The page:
Special to the NNPA from The Washington Informer
Adult obesity rates increased in six states in the past year, and did not decrease in any, according to a report from the Trust for America’s Health and the Robert Wood Johnson Foundation.
The report — The State of Obesity: Better Policies for a Healthier America — found that significant geographic, income, racial, and ethnic disparities persist, with obesity rates highest in the South and among Blacks, Latinos and lower-income, less-educated Americans.
The report also found that more than one in 10 children become obese as early as 2 years old.
For this year’s report, the two organizations partnered with the NAACP and others to identify more effective strategies for implementing obesity-prevention policies in Black and Latino communities.
“The issue of childhood obesity in America goes far beyond the arena of health. The growing weight of our nation’s children has both moral and ethical implications that can no longer be denied or ignored,” said Niiobli Armah, director of health programs for the NAACP. “Those of us who are engaged in grassroots efforts and understand the social, economic, and political implications of childhood obesity, know that we must take action. With the release of this year’s report we are one step closer to understanding what it will take to achieve our collective goal of curbing this growing epidemic.”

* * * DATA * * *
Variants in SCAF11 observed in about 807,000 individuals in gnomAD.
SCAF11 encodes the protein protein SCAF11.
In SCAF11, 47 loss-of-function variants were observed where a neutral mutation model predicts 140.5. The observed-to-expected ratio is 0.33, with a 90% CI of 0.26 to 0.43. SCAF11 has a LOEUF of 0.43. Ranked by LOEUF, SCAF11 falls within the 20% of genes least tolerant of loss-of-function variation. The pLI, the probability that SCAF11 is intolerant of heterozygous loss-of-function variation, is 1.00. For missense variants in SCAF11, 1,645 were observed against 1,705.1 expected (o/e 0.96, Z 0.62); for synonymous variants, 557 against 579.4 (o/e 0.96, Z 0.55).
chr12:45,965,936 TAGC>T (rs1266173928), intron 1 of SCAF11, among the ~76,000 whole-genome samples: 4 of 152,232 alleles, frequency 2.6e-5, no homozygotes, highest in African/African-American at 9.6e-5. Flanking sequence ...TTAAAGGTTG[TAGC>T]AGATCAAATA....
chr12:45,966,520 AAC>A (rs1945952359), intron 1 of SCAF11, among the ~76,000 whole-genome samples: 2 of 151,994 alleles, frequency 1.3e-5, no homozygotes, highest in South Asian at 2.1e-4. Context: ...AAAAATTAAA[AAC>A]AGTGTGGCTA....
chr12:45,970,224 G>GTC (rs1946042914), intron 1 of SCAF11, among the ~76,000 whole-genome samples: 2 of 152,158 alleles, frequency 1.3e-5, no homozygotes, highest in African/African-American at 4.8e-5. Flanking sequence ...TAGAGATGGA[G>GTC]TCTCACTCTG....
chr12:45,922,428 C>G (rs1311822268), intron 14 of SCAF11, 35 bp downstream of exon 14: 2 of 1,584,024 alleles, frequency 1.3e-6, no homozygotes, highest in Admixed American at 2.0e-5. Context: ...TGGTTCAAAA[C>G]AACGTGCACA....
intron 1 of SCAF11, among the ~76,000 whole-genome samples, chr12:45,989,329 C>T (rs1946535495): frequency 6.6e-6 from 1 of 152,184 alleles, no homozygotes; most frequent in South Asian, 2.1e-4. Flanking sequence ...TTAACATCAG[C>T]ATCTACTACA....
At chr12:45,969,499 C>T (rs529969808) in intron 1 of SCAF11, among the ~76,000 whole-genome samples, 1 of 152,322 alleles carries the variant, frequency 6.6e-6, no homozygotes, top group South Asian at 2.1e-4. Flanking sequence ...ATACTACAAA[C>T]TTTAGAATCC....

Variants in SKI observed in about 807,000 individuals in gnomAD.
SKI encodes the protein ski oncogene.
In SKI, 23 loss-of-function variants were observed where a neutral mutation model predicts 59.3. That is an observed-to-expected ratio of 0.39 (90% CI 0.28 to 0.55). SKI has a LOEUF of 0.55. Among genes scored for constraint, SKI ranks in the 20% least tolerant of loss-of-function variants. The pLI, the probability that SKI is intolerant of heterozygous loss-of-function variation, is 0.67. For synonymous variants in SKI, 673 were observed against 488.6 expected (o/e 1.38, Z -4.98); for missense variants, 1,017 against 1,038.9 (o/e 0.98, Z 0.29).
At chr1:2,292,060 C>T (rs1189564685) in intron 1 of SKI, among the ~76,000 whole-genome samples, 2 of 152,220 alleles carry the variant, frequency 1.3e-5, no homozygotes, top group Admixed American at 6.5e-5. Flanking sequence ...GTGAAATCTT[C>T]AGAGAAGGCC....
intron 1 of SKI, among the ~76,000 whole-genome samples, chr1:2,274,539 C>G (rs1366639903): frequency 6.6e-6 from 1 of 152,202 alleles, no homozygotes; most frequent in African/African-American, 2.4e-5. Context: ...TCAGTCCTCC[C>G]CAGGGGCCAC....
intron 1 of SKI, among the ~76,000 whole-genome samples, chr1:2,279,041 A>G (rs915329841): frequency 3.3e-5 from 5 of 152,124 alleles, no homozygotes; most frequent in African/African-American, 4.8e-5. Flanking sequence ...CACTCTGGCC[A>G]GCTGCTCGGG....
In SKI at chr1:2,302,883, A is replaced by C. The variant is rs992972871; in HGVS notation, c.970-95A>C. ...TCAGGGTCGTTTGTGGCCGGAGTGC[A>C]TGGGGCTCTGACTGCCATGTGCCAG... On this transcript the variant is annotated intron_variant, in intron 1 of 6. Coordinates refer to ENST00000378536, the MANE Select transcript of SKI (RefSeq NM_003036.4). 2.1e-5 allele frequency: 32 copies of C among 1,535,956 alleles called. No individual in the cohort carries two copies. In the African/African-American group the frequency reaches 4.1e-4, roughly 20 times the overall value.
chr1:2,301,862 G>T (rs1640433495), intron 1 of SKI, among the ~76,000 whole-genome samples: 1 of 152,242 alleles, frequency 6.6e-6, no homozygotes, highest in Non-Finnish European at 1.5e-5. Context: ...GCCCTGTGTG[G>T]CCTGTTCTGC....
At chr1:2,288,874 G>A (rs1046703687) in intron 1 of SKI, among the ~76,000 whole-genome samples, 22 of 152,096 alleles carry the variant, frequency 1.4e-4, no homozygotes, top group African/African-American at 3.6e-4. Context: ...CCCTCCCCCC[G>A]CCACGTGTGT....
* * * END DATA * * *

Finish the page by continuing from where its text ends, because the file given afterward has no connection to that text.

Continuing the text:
The report reviews existing policies and issues high-priority recommendations for making affordable healthy foods and safe places for physical activity available to all Americans, such as focusing on healthy food financing, improving nutrition and activity in schools and child care settings, limiting the marketing of unhealthy foods to kids, and improving the built environment to support increased physical activity.
“This year’s report provides us with an opportunity to hear voices from local communities that gives additional depth to the data,” said Jennifer White, NAACP manager of health programs and partnerships. “Reducing childhood obesity rates among African Americans requires a health equity perspective and effective engagement with community advocates.”